There were once, two sisters whose parents had died and left them well off. Neither of them married. These were both strong independent women. They shared a common faith and had great compassion and love for their brother, who was special needs, and even though he was high functioning, he still needed a great deal of their time and attention. The brother never spoke; he is not remembered as ever having uttered a single word. But the brother was open-hearted and gentle of spirit and loved for who he was.
This is a story about a mother whose only child was ill. We have all heard stories of parents going to any extreme to save their children. The love of a parent knows no limits. That is the type of mother this woman is, she was willing to risk embarrassment, humiliation, and possible rejection if it would save her beloved daughter, by swallowing her pride and seeking out the one person who could help her and her daughter.
Justice is getting what you deserve, mercy is not getting what you deserve, grace is getting what you don’t deserve and could not have earned or expected, but received. This is a story about a man in his twenties who had finally come to the end of his luck; this man had a knack for getting himself in trouble but had managed to elude punishment for a very long time. As much as the man wanted to and tried to change, he felt it was beyond him. All was going well until it all caught up with him, he did something; he was apprehended and found he was unable to get out of it. But just when he thought this was it and had actually become comfortable with his fate, this man was given grace.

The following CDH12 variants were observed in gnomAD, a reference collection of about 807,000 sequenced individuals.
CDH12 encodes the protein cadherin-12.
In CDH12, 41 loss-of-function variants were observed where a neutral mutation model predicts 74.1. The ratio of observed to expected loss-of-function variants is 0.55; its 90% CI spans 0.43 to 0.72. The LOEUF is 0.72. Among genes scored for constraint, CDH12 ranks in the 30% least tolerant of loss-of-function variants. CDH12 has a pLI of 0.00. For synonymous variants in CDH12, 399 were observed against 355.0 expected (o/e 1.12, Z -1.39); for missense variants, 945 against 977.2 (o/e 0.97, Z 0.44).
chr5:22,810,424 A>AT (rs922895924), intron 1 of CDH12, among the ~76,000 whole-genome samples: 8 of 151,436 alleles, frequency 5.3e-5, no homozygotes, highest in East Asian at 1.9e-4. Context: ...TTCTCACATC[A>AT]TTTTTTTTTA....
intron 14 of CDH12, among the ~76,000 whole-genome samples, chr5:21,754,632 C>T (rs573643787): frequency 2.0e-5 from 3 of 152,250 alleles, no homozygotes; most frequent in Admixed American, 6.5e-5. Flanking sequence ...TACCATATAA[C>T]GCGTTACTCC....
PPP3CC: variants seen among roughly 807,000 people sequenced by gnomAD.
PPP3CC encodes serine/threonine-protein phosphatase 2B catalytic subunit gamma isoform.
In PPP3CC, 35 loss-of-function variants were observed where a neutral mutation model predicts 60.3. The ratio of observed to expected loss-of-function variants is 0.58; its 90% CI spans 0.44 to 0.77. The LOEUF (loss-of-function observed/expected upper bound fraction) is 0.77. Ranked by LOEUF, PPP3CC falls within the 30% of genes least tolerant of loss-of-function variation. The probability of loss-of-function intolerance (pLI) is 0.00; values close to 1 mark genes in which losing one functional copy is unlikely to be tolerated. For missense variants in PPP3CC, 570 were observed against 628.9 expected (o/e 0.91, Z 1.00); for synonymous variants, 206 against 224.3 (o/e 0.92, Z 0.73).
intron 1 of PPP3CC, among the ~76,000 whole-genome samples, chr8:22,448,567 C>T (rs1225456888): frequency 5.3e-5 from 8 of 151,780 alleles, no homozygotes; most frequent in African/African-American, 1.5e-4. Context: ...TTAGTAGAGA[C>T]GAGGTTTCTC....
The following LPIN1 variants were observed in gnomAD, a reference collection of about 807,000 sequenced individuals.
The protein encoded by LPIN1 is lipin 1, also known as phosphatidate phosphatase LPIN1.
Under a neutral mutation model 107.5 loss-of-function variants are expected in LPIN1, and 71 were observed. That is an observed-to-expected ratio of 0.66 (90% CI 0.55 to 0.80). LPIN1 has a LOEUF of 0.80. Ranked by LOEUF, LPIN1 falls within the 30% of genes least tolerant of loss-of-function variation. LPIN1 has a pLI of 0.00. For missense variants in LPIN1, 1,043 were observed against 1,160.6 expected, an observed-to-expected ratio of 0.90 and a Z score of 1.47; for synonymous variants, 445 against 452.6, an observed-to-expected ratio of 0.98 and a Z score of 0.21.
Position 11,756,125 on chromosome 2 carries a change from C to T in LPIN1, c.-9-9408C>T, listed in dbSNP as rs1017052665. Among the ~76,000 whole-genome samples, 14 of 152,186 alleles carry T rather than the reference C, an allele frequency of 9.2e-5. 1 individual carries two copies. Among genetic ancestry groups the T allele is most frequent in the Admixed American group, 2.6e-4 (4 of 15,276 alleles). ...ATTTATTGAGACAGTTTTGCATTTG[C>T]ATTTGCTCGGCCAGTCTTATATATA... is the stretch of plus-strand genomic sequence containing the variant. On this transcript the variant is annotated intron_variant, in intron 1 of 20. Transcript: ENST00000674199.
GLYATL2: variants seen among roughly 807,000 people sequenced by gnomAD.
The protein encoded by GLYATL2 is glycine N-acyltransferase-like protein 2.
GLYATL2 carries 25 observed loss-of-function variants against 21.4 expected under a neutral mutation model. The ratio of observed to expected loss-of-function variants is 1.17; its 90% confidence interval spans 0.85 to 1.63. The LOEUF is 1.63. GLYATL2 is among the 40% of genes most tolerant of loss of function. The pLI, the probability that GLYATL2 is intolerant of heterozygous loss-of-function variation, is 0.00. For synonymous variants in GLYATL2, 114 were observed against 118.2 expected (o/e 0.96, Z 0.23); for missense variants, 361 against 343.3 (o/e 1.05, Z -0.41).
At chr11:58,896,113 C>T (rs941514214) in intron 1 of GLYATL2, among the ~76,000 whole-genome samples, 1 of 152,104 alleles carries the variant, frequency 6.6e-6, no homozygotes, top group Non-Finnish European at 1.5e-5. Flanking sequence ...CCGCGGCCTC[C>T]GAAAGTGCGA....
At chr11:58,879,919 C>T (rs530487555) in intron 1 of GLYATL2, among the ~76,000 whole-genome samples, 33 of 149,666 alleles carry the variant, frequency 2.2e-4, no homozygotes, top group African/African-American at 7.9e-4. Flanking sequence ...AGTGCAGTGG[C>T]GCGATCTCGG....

Saint Paul states a body is one though it has many parts and all the parts are of one body. The body is a beautiful example of necessity and complementarity. Every part has a job that it does well, in concert with all the other parts doing their job, all the components necessary for the whole. It is easy to see how all the parts work together in the body, but it can be challenging to see and understand just how this necessity and complementarity work in other areas.
Look at the life of Christ, the three stories I opened with are scenes from his life, the first, the two sisters who cared for their special needs brother was a modern interpretation of Mary, Martha, and Lazarus, Jesus raised Lazarus from the dead. The second story is about the Canaanite woman seeking the help of Jesus because her daughter was possessed by a demon, and this persistent, loving mother knew that Jesus Christ was the only one who could and would help her daughter. Jesus did heal her daughter. The third story was about the repentant guilty thief who hung on the cross next to the innocent Christ. This man was a thief and a sinner but was able to recognize who Christ was. These stories show Jesus raising someone from the dead, forgiving the sins of another, and showing how Christ is available to all who seek him. Together they point to the fact that Jesus is the Christ, the Redeemer, sent to bring His message of salvation to the entire world.
These people represent some of the most enlightening and easy-to-understand parts of Jesus’ life, and of course, there are others, not so easy to understand their necessity and complementarity. How many of Christ’s teachings would we have missed if not for the Pharisees and Sadducees? And it was the demons who were the first to recognize who Jesus was. Would we be able to know the light without the contrast of the dark? There is unity and necessity in all the parts, light and darkness.
Photographs by Brother Casimir. Meditation by Brother Stephen.